Ones to Watch: Shanin Jacquay


Shanin Jacquay works in regulatory affairs for L Brands. She obtained her Bachelor of Science and Pharmaceutical Sciences from the University of Toledo, with a focus in cosmetic science and formulation design.

"This program gave me hands-on experience in formulation of cosmetic and personal care products," she writes. "During my freshman year, I heard about regulatory affairs and its connection to the cosmetic industry. Regulatory affairs grabbed my attention and I knew immediately what path I wanted my career to follow."

She adds she is a big fan of rules and documentation, so she knew regulatory affairs would be a perfect fit. "After working in this field for more than a year, I know I picked the right path. My next step is to see how I can tie in sustainability (a hobby of mine) and to make more connections with other professionals in the industry."

See related: Sustainability, the Driving Force Behind Beauty Consumer Purchases

What interests do you have, or what work are you conducting, that is relevant to cosmetics R&D?

I am interested regulatory affairs and sustainability in the cosmetics industry. Currently, I work on ensuring the safety and compliance of all raw materials and formulas used in our cosmetics. This entails an in-depth analysis of ingredients and their function in the final product.

I check documentation and certifications to ensure ingredients meet the standards of our company policy and global regulations. This also means I must stay on top of trends and policies in the industry to guarantee L Brands is maintaining the best quality products possible.

What do you like most about your work? What do you find most challenging?

Regulations and consumer trends are always evolving, meaning there will always be something new to learn, which keeps my job interesting and challenging! Consumers continually challenge ingredients, from preservatives to palm oil. Consumers also demand new technologies, e.g., sulfate-free or CBD, in addition to more transparency; which is creating new regulations and policies.

In turn, these consumer demands are causing rapid shifts in the cosmetic regulatory profession, which presents a huge challenge for those working in the area—especially when the consumer trend is not scientifically supported. A perfect example is the paraben-free trend. Parabens have been tested as safe but companies do not want to put a “scary” ingredient in their product.

Another problem is waiting for regulations to catch up with trends. The industry has provided alternative preservatives but not all have been approved in the EU or by other governing bodies and therefore cannot be used as preservatives.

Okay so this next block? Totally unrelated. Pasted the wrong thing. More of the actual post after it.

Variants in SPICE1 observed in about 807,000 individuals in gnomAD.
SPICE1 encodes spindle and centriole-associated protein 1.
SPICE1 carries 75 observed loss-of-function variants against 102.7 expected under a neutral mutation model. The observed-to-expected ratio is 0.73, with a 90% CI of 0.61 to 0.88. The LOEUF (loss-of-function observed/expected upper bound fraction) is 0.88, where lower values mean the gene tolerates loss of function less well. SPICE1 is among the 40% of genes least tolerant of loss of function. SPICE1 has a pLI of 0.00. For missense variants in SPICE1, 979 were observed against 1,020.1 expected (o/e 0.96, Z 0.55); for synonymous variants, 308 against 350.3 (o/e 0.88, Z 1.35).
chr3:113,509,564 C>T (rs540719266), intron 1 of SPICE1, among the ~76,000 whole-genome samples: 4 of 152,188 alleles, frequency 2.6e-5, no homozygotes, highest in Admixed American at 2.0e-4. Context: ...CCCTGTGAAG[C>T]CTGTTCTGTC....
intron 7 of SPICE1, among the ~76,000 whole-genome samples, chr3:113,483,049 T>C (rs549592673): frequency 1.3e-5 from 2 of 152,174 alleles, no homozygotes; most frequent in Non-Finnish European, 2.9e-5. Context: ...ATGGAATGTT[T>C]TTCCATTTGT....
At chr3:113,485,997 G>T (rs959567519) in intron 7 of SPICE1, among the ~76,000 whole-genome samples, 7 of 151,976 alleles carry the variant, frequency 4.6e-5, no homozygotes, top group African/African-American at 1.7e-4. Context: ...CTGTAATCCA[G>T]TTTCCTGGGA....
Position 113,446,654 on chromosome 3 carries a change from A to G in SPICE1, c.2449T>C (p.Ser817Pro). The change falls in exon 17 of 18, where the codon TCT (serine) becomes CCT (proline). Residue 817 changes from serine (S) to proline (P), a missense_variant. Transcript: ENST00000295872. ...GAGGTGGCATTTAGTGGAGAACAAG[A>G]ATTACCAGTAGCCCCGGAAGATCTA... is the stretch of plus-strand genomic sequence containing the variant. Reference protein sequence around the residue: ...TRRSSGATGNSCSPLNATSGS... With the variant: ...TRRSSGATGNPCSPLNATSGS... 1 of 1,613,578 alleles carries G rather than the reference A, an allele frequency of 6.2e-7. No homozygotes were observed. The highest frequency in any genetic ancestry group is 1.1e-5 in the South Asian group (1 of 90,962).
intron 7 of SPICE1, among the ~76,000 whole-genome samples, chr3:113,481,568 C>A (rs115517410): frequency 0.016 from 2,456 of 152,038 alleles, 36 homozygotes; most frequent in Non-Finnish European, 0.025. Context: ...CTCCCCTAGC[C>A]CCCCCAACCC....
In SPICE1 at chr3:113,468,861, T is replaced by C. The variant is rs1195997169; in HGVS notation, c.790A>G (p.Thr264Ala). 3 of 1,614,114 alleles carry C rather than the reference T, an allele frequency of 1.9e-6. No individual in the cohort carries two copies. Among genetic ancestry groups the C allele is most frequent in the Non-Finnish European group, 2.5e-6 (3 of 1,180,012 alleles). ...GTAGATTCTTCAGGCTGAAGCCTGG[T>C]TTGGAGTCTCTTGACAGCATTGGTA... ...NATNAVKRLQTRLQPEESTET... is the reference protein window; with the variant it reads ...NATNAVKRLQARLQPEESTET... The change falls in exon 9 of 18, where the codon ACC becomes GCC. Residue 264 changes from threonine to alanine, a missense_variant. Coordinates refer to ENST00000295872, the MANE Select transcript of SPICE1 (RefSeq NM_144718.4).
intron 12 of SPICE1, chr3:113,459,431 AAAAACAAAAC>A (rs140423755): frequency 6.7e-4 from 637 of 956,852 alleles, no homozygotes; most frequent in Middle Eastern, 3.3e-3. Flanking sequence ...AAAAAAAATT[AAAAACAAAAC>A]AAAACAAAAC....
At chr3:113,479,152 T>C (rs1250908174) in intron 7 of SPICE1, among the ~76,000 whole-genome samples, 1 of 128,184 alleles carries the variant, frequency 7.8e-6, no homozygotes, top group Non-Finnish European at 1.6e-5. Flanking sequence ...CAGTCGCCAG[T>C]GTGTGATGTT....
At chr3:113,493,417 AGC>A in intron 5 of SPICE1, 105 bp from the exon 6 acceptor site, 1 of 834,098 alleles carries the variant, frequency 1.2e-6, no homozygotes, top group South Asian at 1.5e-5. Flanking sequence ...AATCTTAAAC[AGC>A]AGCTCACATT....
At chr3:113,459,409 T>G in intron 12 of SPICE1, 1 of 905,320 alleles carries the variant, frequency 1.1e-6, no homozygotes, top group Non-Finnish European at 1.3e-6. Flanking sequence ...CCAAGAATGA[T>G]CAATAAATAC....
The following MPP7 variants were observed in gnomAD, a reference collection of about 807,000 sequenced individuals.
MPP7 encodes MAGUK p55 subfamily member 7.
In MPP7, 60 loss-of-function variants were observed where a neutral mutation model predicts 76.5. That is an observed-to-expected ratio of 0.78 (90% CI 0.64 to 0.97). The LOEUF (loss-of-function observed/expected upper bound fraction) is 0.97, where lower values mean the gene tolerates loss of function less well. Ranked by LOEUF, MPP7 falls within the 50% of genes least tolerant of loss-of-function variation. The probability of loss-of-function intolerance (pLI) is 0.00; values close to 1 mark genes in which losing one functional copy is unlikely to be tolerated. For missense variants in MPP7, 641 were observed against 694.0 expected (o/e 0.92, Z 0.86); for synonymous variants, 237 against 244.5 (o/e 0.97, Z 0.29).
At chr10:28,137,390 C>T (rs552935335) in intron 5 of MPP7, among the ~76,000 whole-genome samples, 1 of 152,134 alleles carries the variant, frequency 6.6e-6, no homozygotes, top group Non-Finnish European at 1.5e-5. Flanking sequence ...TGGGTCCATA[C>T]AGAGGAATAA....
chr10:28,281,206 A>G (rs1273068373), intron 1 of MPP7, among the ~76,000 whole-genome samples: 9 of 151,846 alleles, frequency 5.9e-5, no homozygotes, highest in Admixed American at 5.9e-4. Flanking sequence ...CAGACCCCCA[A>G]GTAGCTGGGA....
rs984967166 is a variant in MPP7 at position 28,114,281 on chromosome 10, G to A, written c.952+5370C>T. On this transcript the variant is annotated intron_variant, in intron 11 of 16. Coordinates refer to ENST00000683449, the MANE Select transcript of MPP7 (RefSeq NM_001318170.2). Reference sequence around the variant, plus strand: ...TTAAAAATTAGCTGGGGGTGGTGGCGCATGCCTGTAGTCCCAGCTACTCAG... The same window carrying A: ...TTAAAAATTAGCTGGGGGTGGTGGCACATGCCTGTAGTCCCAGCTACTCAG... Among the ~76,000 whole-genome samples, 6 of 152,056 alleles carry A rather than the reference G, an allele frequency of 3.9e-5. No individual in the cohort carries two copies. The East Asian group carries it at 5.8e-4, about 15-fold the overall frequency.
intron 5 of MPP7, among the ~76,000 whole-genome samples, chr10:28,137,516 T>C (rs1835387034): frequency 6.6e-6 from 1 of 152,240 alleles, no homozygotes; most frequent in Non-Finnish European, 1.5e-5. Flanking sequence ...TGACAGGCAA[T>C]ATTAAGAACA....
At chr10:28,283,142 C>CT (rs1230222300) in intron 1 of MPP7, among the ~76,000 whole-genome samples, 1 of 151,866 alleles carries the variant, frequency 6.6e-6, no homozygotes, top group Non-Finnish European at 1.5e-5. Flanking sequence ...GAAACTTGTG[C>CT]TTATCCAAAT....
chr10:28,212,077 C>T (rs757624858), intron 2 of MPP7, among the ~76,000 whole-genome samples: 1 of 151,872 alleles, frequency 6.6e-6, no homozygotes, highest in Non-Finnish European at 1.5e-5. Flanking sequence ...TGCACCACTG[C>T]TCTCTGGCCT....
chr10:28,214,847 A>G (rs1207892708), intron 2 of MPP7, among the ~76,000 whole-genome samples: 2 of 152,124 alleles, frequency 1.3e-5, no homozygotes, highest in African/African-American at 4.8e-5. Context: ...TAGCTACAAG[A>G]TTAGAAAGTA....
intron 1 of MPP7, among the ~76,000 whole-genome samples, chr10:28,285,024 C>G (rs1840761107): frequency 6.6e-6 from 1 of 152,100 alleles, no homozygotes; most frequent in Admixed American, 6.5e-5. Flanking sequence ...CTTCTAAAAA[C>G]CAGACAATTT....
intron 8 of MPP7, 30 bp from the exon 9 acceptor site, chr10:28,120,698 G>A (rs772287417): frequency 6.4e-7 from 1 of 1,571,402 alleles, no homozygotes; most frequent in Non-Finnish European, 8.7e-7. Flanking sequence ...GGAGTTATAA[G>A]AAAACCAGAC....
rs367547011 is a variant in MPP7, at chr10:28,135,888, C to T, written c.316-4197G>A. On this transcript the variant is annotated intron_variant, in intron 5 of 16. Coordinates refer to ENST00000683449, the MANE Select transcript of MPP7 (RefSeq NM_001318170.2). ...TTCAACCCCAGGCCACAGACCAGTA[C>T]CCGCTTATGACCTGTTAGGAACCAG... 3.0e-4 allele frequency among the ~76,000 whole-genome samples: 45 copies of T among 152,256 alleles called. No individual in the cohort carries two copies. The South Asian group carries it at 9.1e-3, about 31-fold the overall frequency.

'I believe sustainability holds a world of untapped technology for the cosmetics R&D space.'

Describe one of your biggest achievements or “A-ha!” moments in cosmetics R&D.

I work closely with the R&D team, as they use the regulatory team for guidance and support. This means when they develop new products, I look through their documentation to make sure they are compliant. The R&D team is educated on cosmetic regulations, so compliance is usually not an issue. However, every once in a while, there is some ingredient that goes over the allowed threshold or a raw material from a supplier that needs documentation.

Such issues have inspired several "A-ha moments"—which are not a new discovery or a solution to a larger problem, but instead drive my every day tasks. Sometimes, these little things remind me why I am here and doing this job. If I can help company brands to achieve compliant and safe products, then I have achieved my job. This is very satisfying.

What about the cosmetics and personal care products industries excites you?

I love the growth and potential that the cosmetic and personal care industry has moving forward. Being a self-regulated industry means there are always things we can improve on or did not think about the day before.

Yes, more regulations also come out all the time, and I work closely with EU/China regulations; but there is still so much more we can do. From child laboring of mica to VOC emissions, there is always something to improve.

Additionally, as sustainability becomes more of a need in society, I get overwhelmed with excitement for ways to incorporate that into the cosmetic industry. Everyone looks at packaging and transportation, but it is in the small details, too. How much water are you using in your products? Are you sourcing fair trade ingredients? What is the impact of the ingredients on aquatic life? There are so many little details we can examine.

What areas or technologies do you think are untapped for cosmetics R&D?

I believe sustainability holds a world of untapped technology for the cosmetics R&D space. Currently we have California working to reduce VOC emissions, which means there is space for new formulations, better propellants, solvents and fragrances. I believe sustainable technologies will produce less water-heavy formulas, more vegan options, a new image as to what natural means, and so much more.

We can start by looking at the ingredients. Look at where they are derived from, the manufacturing process of just one ingredient, the harvesting impacts, and what ingredients are truly functional and necessary versus what sounds good on the ingredient list.

The industry is evolving, and I am grateful to be a part of it!

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